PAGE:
Saturday, September 18, 2021

Change the game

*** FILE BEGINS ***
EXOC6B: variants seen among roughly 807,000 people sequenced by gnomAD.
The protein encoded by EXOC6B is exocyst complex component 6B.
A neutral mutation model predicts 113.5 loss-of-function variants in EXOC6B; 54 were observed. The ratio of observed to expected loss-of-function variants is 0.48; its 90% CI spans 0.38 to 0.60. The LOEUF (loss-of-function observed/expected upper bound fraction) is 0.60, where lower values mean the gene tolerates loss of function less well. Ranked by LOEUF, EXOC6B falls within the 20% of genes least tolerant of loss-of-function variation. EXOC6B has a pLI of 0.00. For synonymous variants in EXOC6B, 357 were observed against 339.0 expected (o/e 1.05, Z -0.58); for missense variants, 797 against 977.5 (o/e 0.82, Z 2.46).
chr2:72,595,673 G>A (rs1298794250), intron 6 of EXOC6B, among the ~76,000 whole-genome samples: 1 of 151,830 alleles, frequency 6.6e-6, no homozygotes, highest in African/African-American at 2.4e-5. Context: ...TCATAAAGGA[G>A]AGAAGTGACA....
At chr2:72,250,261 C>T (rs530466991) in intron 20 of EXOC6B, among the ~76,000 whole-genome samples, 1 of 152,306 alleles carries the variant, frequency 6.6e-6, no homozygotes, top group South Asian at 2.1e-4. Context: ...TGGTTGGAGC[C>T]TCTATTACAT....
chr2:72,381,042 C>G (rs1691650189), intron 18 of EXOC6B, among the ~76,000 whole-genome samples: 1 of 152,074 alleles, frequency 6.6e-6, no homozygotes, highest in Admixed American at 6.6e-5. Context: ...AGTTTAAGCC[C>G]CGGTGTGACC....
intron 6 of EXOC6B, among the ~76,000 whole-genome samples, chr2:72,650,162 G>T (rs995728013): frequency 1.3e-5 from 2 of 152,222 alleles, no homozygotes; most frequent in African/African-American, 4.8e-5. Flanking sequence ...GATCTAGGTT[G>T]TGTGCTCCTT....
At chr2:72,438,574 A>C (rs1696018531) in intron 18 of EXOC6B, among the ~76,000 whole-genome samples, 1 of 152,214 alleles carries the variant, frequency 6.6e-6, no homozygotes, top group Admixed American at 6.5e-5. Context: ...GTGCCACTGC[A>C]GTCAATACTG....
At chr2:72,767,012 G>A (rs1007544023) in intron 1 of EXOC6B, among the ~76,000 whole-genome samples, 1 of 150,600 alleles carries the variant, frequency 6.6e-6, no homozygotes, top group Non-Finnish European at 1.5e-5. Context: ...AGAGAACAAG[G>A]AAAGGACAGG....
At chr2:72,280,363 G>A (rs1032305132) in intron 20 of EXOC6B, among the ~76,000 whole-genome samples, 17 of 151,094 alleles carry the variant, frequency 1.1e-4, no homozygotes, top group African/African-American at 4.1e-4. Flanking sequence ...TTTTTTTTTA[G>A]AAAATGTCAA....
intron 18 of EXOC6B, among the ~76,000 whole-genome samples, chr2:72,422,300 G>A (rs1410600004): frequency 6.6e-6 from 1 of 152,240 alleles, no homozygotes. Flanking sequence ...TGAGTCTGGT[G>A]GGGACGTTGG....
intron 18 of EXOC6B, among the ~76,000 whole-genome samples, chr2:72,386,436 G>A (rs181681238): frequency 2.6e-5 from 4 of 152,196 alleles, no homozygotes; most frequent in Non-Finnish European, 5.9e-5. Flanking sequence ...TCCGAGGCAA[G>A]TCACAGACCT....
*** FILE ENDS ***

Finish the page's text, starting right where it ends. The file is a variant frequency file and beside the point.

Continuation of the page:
In the Nagaland Page May 16, 2021 issue, we had this little report on Dimapur’s Duncan Urban Primary Health Centre (PHC) titled: Six words of measured judgment, Duncan PHC ~ Aru cleanliness toh kobole he nai, which accentuates our community strength. We don’t often talk about our community strength because it is such an integral part of our culture that we don’t even notice it. But the COVID-19 pandemic necessitates that we re-focus on this strength and embrace it all the more. There are two aspects of our aforesaid report: (1) community strength, and (2) the Duncan PHC Doctor’s leadership qualities. These two aspects encapsulate the lived experiences of our people since Statehood. When and where leadership leads, the community responds with strength ~ something only people who have lived through the early decades of our Statehood would understand. This assumes immense significance in today’s world and against the backdrop of the raging pandemic. As a State and a people, we have become hugely enabled and empowered in numerous ways but as a community, our strength has dwindled and depleted to abysmal levels. Avariciousness has eclipsed munificence ~ not surprising because we have embraced a form of capitalism that elevates cupidity to another level. In other words, individualism supersedes collectivism ~ in this our Government leads by example. A pity, since tribal societies have survived for centuries on the foundation of collective benevolence. But collectivism also leads to authoritarianism, despotism, suppression, oppression and tyranny but that’s for another Editorial. In the heart of almost every person is the need to give and effect change but it takes a special kind of leadership to transform that need into action ~ our report clearly states the Duncan PHC Doctor has inspired that transformative change without seeking any assistance. This is exactly the kind of change our State Government needs to effect to fight this pandemic. We know that our State Government is woefully ill-equipped to tackle this pandemic hence it requires the people’s cooperation and support. Last year, we saw tribal, religious, cultural, community and political collectives that pitched in to rescue our State Government and in the process the disadvantaged. But why, when the Centre has allotted enough funds for our healthcare system? What happened to all the funds and why was our State Government asleep when several red flags were sounded by experts on the pandemic. Very noticeably our state Government is running helter-skelter trying to acquire beds and other necessities to treat COVID positive patients but this shouldn’t have happened if it weren’t asleep despite the pandemic waning in the last couple of months of 2020 and early months of 2021. Nothing is more disgraceful than when IAS officers appeals to the Church to help out in this second wave through print and social media. This should have been done formally by the State Government, if at all, and not by individual Government employees ~ in individual capacities. This reflects the State Government being totally lost and without any control over its employees. The State Government may now claim that such employees were entrusted to garner the Church’s support but that will cut no ice because there are such things called procedures and proper channels. And, the Church knows better than to respond to publicity-seeking, self-aggrandizing individual Government employees. The Church has contributed enormously last year and is indubitably contributing now but not publicizing it. So, while societal cooperation and support is fundamental to fight the virus, it would be crass on our Government’s part to entrust non-governmental bodies to fully or even partially take responsibility to wage this war. Public health is the Government’s constitutional and moral obligation. It’s not only health but also education. A report in the May 7, 2021 issue of Morung Express underscores the societal contributions towards Mokokchung’s Fazl Ali College, Nagaland’s oldest Government College, for NAAC accreditation. The same is the situation of the Dimapur Government College and indubitably all Government Colleges, so what has happened to funds for education in Nagaland? Why does the community have to pitch in for all constitutional obligations of the Government? The community is always here to provide the support system but where is the Government to perform its constitutional obligations? Our Government needs to answer and not take advantage of community strength. The people also need to ask hard questions and demand honest answers. This pandemic is a game changer ~ for better or for worse. Let us change the game in Nagaland.